Even in America, when was the last time NOW spoke out on the status of immigrant women, or worked to ensure that reproductive centers are put closer to immigrant-rich areas, to ensure those women get a voice, too? When was the last time NOW took on the problems of race, along with gender, which is clearly a problem it misses, given that its leadership is full of college-educated whites?
    This I know – NOW no longer has my support, and while I will continue to work with my local NOW, National NOW simply isn’t good enough.

  6. sillyrabbittrix
    Posted March 8, 2010 at 5:29 pm | Permalink

    Marc, 50% of the National NOW officers are young feminists right now. That’s 25% more than it would have been had the other leadership team won. One of those young feminists is an African-American young feminist, as many as would have been on the other slate. So I don’t believe your point on that is as accurate as you expressed it.
    I didn’t make up my mind on who to vote for until I got to the national conference and heard the two slates speak. FLN’s (Feminist Leadership NOW) slate that we now have at national blew the other slate away in those speeches – FLN had concrete goals & objectives with detailed outlines of how they planned to accomplish them. They were passionate and clear on what their platform was. The other slate had an awesome front-runner but the rest of the slate gave dispassionate speeches with little in way of clear objectives or outlines. I am explaining this because I believe this is why many people voted for FLN. Plus, let’s remember, they won by less than a dozen voters! So that also means around 49% of NOW voted for the other slate.
    I am not saying that NOW doesn’t have room to improve. But that also doesn’t mean that all feminist organizations have to be internationally focused (like I said, I believe it would require a complete re-working of the organization to do that, and we are not in a position to do that right now – that takes money and more money). Regarding your intersectionality arguments, I agree they could be doing more. Ending racism, including justice for immigrant women, is one of their top 5 priority issues, and have strong ties in working with organizations like SisterSong (Loretta Ross, btw, has been a NOW member for a very long time). http://www.now.org/issues/diverse/
    But I do agree that I’ve seen far more news, publicity and action alerts on health care reform and reproductive rights over the past year than anything else. These rights DO affect all women of all races, ages, abilities, orientations, et al, however – and I get the feeling that National is pulled pretty tight right now so they may be limiting their focus (I haven’t heard anything about national diversity chairs, which usually drives each of the priority issues of NOW).
    I don’t know about Shelley, but am aware of Marcia’s comments. I understand what you are saying; there are many individuals in NOW who are resistant to change, probably as many as there are individuals who are very much open to it. I guess that’s just more reason why I want to be involved with NOW – to change it for the better, to be one of those young feminists in a leadership position within NOW, to help other intersectional feminists come into the organization, and to represent that progress is possible.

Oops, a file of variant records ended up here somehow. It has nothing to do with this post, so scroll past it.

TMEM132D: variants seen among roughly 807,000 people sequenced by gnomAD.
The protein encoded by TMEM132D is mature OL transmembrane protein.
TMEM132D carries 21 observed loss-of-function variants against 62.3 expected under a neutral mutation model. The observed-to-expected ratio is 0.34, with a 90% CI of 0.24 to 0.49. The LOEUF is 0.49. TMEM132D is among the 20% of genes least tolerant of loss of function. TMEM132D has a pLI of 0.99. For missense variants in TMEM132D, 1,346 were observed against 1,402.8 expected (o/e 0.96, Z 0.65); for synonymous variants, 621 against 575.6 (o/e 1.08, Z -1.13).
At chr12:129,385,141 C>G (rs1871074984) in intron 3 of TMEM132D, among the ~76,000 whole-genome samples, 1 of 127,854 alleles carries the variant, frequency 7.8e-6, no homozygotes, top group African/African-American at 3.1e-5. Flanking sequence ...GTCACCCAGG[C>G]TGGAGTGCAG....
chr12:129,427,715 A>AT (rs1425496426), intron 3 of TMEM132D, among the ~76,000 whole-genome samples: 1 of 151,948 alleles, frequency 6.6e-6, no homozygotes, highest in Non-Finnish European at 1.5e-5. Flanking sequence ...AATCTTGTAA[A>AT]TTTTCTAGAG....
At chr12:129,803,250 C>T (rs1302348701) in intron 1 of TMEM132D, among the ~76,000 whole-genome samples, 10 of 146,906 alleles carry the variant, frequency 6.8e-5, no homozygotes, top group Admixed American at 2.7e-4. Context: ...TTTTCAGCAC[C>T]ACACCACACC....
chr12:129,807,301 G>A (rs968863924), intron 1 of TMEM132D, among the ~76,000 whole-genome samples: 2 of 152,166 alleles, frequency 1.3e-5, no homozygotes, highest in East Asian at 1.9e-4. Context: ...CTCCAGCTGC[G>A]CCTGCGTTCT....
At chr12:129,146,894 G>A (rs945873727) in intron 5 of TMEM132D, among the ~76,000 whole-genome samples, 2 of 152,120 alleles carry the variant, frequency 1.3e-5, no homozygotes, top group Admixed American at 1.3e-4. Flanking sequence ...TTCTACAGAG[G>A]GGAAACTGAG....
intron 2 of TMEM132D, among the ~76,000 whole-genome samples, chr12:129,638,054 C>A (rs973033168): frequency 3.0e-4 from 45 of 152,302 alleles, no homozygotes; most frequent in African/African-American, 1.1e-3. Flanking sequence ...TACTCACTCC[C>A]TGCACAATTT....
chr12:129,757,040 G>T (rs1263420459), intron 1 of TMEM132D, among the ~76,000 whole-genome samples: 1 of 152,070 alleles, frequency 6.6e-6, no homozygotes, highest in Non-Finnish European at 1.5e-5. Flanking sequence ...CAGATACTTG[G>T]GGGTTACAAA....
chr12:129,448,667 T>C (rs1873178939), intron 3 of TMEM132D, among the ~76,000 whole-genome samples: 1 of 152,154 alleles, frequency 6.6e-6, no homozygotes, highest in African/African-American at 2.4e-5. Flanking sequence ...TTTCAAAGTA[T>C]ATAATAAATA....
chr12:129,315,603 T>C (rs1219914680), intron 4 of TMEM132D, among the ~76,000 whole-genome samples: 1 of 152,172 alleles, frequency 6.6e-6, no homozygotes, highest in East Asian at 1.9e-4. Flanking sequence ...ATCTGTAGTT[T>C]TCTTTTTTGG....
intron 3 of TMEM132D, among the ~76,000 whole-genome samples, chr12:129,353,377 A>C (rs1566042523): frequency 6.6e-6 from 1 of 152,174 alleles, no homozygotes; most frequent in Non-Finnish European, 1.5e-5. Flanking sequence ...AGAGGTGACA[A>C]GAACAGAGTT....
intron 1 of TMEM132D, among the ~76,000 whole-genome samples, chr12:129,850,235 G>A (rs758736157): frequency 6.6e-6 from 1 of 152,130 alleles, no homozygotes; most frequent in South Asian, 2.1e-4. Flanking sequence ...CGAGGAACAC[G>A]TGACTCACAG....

In my mind, it feels similar to my experience with religion. Although I’m not very religious now, I think back to college when I was. I was a member of UCC, the most liberal Christian denomination there is. However, despite that, there were some conservative members in my church who still didn’t exactly welcome gays (even though the church did) or didn’t like the female pastor as much as the male pastor, etc. But just because there were members of the church who didn’t represent the church’s beliefs or values entirely doesn’t mean I was going to leave the church. I knew what the UCC stood for, I knew what it worked towards & what its goals were in the community. My goals & values aligned with the organization, regardless of what individual members did or thought.
    Anywho, I get as frustrated about individuals and processes as anyone, but I’m there for a reason. I love NOW – I love what it stands for, and its goals align with mine. I’ll keep working to see the organization at its best. I think you should too, Marc.
    Be the change you wish to see, right?

  7. Marc
    Posted March 9, 2010 at 9:28 am | Permalink

    I am still working through all the issues at the moment, but you’re right, what’s right with NOW outweighs everything else that is wrong with it.
    I’ll have you know, NOW was my first feminist love – and I find it difficult to part with it – very much so.
    I hope to get more involved with it now that I am back in the States, and perhaps change the climate that I feel is doing a disservice to the organization.
    There are still issues I feel we need to bring up, however, and we’ll do that at National.
    See you in July.
    (And – right on with the UCC – I am a UU myself and although I absolutely love the UCC. If I could believe in a higher power, I’d totally join the UCC. And such cool commericials!)

  8. sillyrabbittrix
    Posted March 9, 2010 at 12:33 pm | Permalink

    Marc, I’ve really enjoyed our conversation and I really hope I get to meet you in July. I plan on being there! (I also think it will be awesome to be in Boston on the 4th of July!) Hopefully we’ll figure out a way to run into each other.

  9. Marc
    Posted March 9, 2010 at 4:45 pm | Permalink

    Oh, definitely, I’ll be the guy in a suit sans tie, with a shaved head walking around with a bottle of Tequila. ;)